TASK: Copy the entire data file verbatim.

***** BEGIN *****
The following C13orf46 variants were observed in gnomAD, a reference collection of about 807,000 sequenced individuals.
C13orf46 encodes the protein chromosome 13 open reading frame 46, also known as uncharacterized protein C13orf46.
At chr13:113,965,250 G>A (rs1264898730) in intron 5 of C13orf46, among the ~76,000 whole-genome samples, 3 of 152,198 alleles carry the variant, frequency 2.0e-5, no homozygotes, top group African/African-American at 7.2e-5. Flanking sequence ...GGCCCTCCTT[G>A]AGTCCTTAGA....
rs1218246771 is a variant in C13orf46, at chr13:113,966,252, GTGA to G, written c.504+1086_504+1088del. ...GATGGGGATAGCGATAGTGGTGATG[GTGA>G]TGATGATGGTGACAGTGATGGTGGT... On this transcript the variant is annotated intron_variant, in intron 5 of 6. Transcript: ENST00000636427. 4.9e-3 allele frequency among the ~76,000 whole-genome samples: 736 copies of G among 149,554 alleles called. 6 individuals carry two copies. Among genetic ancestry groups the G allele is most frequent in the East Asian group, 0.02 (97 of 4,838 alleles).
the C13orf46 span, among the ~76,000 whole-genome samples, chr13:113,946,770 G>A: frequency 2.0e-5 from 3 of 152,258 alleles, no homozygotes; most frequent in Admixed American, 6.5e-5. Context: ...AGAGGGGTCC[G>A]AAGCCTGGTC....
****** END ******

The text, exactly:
The following C13orf46 variants were observed in gnomAD, a reference collection of about 807,000 sequenced individuals.
C13orf46 encodes the protein chromosome 13 open reading frame 46, also known as uncharacterized protein C13orf46.
At chr13:113,965,250 G>A (rs1264898730) in intron 5 of C13orf46, among the ~76,000 whole-genome samples, 3 of 152,198 alleles carry the variant, frequency 2.0e-5, no homozygotes, top group African/African-American at 7.2e-5. Flanking sequence ...GGCCCTCCTT[G>A]AGTCCTTAGA....
rs1218246771 is a variant in C13orf46, at chr13:113,966,252, GTGA to G, written c.504+1086_504+1088del. ...GATGGGGATAGCGATAGTGGTGATG[GTGA>G]TGATGATGGTGACAGTGATGGTGGT... On this transcript the variant is annotated intron_variant, in intron 5 of 6. Transcript: ENST00000636427. 4.9e-3 allele frequency among the ~76,000 whole-genome samples: 736 copies of G among 149,554 alleles called. 6 individuals carry two copies. Among genetic ancestry groups the G allele is most frequent in the East Asian group, 0.02 (97 of 4,838 alleles).
the C13orf46 span, among the ~76,000 whole-genome samples, chr13:113,946,770 G>A: frequency 2.0e-5 from 3 of 152,258 alleles, no homozygotes; most frequent in Admixed American, 6.5e-5. Context: ...AGAGGGGTCC[G>A]AAGCCTGGTC....